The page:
Fiend Without A Face/Review 2

From The Grindhouse Cinema Database

< Fiend Without A Face

Jeff Cummings (Marshall Thompson) is a major on an American military base in Canada who has been conducting radar experiments that use a great deal of radiation in their transmissions. When several people start to die in mysterious ways (their brains and spinal cords are sucked out of their bodies through two small holes in the base of their skulls), the locals in the small town outside the base think that it may have something to do with the radiation, but Cummings tries to assure them that it is contained safely on the base. What no one realizes is that the deaths were actually caused by a scientist named Walgate (Kynaston Reeves), whose experiments in thought control, coupled with the radioactive energy he was able to harness from the base, have brought forth a strange brain-like creature that feeds on other brains to survive. With time running out and the townsfolk growing more mob-like by the minute, Cummings must figure out a way to stop the creatures before they are able to spread and take over the world.

Typical of the Cold War-styled films of the fifties, Fiend Without a Face addresses the use of nuclear energy not only as a military application, but for science in general. Though the message it gives is a little more forgiving towards the use of nuclear energy, it still carries with it the fear that many Americans felt about it in the fifties. What makes the film all the more interesting is the fact that it is entirely British made, but somehow was able to maintain a close relationship to American audiences.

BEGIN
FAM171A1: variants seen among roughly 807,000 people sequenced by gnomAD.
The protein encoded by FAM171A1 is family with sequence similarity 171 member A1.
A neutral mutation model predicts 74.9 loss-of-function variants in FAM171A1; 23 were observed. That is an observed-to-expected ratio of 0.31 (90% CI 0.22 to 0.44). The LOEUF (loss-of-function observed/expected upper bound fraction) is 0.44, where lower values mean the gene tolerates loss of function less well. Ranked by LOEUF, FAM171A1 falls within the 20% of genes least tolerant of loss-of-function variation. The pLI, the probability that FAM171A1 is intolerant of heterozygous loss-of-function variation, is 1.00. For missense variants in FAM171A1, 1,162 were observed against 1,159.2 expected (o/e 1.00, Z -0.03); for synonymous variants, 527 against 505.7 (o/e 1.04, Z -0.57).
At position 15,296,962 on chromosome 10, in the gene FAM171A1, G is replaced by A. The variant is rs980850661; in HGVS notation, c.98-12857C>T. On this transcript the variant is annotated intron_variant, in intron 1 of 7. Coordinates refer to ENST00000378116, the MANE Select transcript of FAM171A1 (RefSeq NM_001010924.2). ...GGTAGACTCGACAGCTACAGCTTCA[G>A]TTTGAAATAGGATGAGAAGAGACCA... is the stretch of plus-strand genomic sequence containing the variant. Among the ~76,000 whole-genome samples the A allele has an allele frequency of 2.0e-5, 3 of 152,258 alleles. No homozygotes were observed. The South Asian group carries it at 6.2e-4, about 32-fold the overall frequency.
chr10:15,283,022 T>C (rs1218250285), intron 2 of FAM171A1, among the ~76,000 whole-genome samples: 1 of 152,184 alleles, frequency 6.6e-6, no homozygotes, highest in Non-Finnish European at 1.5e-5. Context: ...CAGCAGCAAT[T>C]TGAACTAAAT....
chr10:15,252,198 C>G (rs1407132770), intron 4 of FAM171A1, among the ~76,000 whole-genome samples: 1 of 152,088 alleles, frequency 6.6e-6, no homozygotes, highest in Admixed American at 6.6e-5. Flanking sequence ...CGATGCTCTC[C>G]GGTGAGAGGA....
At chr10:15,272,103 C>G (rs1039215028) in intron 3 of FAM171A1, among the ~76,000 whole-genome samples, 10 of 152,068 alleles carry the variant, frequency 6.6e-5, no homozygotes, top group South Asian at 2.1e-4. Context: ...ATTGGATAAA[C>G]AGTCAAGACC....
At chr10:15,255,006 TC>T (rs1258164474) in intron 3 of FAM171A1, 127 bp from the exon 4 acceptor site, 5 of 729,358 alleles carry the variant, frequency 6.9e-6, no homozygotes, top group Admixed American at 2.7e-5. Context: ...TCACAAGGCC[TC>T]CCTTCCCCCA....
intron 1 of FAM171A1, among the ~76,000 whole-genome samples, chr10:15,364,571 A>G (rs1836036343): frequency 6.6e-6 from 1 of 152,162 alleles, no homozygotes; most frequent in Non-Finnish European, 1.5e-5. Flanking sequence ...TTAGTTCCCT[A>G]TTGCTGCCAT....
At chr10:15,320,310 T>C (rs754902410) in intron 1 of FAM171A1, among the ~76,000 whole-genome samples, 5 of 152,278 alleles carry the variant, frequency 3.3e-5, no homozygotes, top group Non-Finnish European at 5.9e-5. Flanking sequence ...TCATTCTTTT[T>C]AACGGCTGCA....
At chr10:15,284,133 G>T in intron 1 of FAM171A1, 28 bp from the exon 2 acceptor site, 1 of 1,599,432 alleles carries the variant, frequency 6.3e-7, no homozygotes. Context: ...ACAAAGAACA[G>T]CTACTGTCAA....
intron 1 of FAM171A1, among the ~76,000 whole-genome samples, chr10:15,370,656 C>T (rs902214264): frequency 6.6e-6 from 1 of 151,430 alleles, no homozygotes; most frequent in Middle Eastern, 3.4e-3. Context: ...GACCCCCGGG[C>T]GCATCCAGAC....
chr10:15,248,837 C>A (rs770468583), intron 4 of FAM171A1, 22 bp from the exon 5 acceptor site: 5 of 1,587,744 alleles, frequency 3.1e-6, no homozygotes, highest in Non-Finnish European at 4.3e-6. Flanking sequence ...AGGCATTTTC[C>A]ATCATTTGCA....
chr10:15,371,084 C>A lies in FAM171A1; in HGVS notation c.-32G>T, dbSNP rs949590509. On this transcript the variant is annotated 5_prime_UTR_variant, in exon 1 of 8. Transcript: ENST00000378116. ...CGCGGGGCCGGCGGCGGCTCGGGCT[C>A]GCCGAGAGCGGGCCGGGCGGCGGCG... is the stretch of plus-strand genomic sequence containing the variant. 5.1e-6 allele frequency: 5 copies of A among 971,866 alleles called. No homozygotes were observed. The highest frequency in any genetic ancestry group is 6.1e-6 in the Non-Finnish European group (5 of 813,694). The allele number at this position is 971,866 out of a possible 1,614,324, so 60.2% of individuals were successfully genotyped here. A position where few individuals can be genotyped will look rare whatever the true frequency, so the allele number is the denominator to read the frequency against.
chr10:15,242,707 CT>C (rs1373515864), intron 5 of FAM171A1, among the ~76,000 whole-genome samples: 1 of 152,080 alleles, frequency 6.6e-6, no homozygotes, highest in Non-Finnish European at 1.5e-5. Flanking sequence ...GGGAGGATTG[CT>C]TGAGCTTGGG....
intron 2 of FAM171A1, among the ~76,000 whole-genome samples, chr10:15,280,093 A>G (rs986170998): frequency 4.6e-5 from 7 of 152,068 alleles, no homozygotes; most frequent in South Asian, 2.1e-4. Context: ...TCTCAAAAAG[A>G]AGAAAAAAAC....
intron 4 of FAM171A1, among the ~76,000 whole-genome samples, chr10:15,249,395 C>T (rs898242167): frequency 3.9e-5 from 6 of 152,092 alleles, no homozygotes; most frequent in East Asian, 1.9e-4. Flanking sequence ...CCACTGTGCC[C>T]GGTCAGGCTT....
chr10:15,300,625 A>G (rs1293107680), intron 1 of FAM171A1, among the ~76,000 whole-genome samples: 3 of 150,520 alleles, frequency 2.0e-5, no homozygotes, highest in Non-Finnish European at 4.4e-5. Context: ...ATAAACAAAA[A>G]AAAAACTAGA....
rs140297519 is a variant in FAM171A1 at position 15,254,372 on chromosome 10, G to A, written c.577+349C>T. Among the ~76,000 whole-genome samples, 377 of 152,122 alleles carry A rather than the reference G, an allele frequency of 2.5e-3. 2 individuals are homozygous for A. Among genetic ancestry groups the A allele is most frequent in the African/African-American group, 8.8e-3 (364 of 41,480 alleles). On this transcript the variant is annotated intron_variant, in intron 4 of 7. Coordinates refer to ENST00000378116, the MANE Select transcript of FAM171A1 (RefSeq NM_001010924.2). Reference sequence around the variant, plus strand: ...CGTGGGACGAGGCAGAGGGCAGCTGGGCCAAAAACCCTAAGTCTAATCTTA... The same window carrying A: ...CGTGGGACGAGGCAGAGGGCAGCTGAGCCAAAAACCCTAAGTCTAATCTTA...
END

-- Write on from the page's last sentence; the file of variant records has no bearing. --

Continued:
Though there are some moments that make the film less than classic, it does actually have some pretty decent special effects, which were a rarity back in those days. Featuring extensive use of stop-motion animation to show off the "fiends" (brain-like creatures with spinal cord tails), no one expected to see anything like what this film presented. Even today, the special effects shown in this film mark some of the most incredible non-CGI effects to ever be featured on the big screen. To add to this, the film also featured some moments of unexpected gore (all of which centered on the fiends themselves), which audiences were not very accustomed to at the time.

Despite the great special effects, though, the film does have a cheesy fifties quality that keeps it from truly being the classic that many people consider it is. The sets are sparse and there is very little cast beyond the principles, plus they commit a horrible factual error by blowing up a nuclear facility (with no apparent danger of fallout)! The dialogue is also pretty laughable, particularly when discussing the fiends as "mental vampires" and also when talking about the intelligence of the creatures (they ARE giant mutant brains after all... of course they are going to be intelligent!).

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